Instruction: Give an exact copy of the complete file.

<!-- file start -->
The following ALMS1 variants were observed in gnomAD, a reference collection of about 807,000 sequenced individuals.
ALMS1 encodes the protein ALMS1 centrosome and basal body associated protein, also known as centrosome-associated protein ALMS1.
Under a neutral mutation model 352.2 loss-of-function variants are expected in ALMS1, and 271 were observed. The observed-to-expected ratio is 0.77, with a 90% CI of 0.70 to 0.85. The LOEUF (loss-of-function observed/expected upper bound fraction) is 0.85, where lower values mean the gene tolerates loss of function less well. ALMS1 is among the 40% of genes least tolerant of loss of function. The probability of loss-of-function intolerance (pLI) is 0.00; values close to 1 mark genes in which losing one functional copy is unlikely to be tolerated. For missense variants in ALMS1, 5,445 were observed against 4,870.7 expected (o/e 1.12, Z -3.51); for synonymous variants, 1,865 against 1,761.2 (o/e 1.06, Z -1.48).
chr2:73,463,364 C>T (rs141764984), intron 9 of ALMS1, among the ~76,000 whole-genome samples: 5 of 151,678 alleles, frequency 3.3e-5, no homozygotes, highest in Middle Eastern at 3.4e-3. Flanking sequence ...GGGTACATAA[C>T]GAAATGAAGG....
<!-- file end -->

The following ALMS1 variants were observed in gnomAD, a reference collection of about 807,000 sequenced individuals.
ALMS1 encodes the protein ALMS1 centrosome and basal body associated protein, also known as centrosome-associated protein ALMS1.
Under a neutral mutation model 352.2 loss-of-function variants are expected in ALMS1, and 271 were observed. The observed-to-expected ratio is 0.77, with a 90% CI of 0.70 to 0.85. The LOEUF (loss-of-function observed/expected upper bound fraction) is 0.85, where lower values mean the gene tolerates loss of function less well. ALMS1 is among the 40% of genes least tolerant of loss of function. The probability of loss-of-function intolerance (pLI) is 0.00; values close to 1 mark genes in which losing one functional copy is unlikely to be tolerated. For missense variants in ALMS1, 5,445 were observed against 4,870.7 expected (o/e 1.12, Z -3.51); for synonymous variants, 1,865 against 1,761.2 (o/e 1.06, Z -1.48).
chr2:73,463,364 C>T (rs141764984), intron 9 of ALMS1, among the ~76,000 whole-genome samples: 5 of 151,678 alleles, frequency 3.3e-5, no homozygotes, highest in Middle Eastern at 3.4e-3. Flanking sequence ...GGGTACATAA[C>T]GAAATGAAGG....